Stocks Rise as Corporate Profit Outlook Improves; Euro Falls
Stocks rose in Europe and Asia, led by banks, as an improving outlook for the global economy lifted expectations for corporate earnings. The euro headed for its biggest weekly drop against the dollar since January, and industrial metals advanced.
The Stoxx Europe 600 Index advanced 0.5 percent at 12:43 p.m. in London. The euro extended its weekly loss to 1.6 percent against the U.S. currency, while the pound weakened against all 16 of its most-traded peers tracked by Bloomberg. Copper rose 0.1 percent in London, and oil dropped below $82 a barrel. Greek bonds fell, with the yield on the government’s benchmark two- year note rising 24 basis points.
Investors became more optimistic on the economy and corporate earnings after Lloyds Banking Group Plc, the U.K. mortgage lender bailed out by the government, said today it expects to return to profit this year. Gains for stocks were limited as divisions grew with the European Union over how to help Greece tackle its financial crisis.
“We have to see financial shares rise for the stock market to extend gains,” said Pierre-Alexis Dumont, a fund manager at OFI Asset Management in Paris, which oversees $27 billion in assets. The Lloyds news is “evidently positive. This means the health of U.K. banks can recover more quickly than expected.”
The MSCI World Index of 23 developed nations’ stocks rose 0.2 percent. Lloyds surged 10 percent in London, the biggest gain since August. Royal Bank of Scotland Group Plc, the largest government-owned U.K. bank, climbed 5.6 percent.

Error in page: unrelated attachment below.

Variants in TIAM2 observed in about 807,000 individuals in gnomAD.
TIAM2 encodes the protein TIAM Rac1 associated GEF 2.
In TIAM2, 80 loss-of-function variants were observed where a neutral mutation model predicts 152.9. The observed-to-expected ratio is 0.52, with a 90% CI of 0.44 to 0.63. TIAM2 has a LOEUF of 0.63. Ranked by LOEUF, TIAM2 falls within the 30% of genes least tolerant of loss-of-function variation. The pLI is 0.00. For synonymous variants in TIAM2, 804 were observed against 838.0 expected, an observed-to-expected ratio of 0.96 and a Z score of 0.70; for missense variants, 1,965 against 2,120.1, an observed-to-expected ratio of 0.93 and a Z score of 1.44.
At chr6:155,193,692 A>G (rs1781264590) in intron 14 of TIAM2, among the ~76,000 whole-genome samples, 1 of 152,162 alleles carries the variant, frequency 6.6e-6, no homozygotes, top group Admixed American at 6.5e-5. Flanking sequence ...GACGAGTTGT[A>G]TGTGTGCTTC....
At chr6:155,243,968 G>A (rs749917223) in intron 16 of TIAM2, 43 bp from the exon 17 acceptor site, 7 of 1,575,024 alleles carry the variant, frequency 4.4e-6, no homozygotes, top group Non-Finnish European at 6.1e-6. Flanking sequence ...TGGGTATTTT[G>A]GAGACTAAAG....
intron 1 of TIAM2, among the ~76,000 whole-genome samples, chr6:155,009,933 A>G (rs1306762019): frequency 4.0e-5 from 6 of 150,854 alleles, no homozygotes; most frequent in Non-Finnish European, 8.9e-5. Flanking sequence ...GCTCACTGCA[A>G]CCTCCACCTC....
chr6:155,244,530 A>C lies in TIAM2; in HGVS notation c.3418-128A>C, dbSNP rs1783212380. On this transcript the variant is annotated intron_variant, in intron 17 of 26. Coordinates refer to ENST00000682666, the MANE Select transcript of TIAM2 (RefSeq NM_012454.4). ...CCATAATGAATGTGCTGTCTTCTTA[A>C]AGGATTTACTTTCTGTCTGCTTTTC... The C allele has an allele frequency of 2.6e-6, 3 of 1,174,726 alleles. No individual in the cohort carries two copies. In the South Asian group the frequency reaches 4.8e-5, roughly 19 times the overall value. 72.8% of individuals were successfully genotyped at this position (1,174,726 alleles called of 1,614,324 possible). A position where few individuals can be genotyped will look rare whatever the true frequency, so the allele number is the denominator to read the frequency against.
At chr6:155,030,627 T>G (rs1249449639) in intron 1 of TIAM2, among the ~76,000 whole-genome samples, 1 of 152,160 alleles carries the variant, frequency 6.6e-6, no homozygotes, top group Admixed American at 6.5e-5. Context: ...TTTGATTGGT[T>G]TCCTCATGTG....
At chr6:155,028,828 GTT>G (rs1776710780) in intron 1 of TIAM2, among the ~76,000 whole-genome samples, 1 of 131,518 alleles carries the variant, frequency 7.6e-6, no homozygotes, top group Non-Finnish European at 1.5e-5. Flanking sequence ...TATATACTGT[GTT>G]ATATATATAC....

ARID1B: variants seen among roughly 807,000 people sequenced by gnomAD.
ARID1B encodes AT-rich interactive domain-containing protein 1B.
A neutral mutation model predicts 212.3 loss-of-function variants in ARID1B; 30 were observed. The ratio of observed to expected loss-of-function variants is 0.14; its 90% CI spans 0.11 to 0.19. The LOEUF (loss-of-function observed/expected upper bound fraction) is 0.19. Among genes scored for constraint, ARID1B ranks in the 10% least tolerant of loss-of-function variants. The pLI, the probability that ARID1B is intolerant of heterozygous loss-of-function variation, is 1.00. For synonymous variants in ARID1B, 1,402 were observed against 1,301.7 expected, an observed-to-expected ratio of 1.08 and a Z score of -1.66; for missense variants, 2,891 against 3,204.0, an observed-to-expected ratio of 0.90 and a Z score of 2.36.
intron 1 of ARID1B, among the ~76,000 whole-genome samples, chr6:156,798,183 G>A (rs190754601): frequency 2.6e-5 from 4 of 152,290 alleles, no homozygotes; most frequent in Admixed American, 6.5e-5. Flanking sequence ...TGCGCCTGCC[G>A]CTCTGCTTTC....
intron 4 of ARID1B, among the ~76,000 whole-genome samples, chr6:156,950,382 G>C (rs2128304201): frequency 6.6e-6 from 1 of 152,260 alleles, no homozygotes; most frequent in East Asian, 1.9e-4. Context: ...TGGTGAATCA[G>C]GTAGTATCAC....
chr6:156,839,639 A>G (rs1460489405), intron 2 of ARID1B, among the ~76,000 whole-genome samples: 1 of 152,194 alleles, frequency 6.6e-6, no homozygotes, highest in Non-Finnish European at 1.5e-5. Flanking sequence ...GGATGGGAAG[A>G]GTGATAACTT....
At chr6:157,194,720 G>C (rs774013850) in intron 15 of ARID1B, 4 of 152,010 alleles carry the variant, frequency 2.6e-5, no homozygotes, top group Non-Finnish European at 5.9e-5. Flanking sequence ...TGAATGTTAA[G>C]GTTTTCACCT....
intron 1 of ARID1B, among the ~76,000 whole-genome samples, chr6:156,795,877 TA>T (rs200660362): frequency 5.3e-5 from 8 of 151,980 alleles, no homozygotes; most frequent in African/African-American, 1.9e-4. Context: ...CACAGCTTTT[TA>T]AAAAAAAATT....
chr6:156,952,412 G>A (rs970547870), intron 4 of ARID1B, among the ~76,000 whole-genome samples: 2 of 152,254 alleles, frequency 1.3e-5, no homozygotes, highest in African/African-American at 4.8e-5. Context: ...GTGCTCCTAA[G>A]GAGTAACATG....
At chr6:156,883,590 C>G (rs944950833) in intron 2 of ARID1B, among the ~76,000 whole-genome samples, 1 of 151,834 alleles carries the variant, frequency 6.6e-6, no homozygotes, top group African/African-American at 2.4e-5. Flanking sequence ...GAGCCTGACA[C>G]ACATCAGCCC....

Futures on the S&P 500 rose 0.1 percent after the benchmark gauge for U.S. equities closed little changed yesterday near its highest level since September 2008. Government reports yesterday showed initial unemployment claims dropped by 5,000 last week, and the consumer price index was unchanged, adding to evidence the economy is recovering without stoking inflation.
The MSCI Asia Pacific Index rose 0.4 percent as exporters gained. Sony Corp. climbed 2.6 percent in Tokyo. Advantech Co., an industrial-computer maker that gets a third of its sales in North America, jumped 4.6 percent in Taipei. Kia Motors Corp., South Korea’s second-largest automaker, gained 5 percent in Seoul after saying it will boost production capacity in Europe.
The MSCI Emerging Markets Index rose less than 0.1 percent, headed for a sixth weekly advance, the longest rally since May. Emerging-market equity funds received the biggest inflows in two months, according to EPFR Global data for the week ending March 17. South Africa’s rand weakened 0.4 percent against the dollar.
The pound fell 0.7 percent against the dollar after Bank of England policy maker Andrew Sentance said Britain may return to recession, adding to speculation the central bank will keep its benchmark interest rate at a record low.
The euro dropped 0.4 percent against the dollar, its third straight decline. Greek Prime Minister George Papandreou said yesterday he may turn to the International Monetary Fund to overcome the debt crisis unless EU leaders agree to set up a lending facility at a March 25-26 summit. German officials said the IMF is the best option, while French President Nicolas Sarkozy and European Central Bank President Jean-Claude Trichet said IMF aid would show the EU can’t solve its own crises.
Crude oil for April delivery fell 0.6 percent to $81.70 a barrel in New York.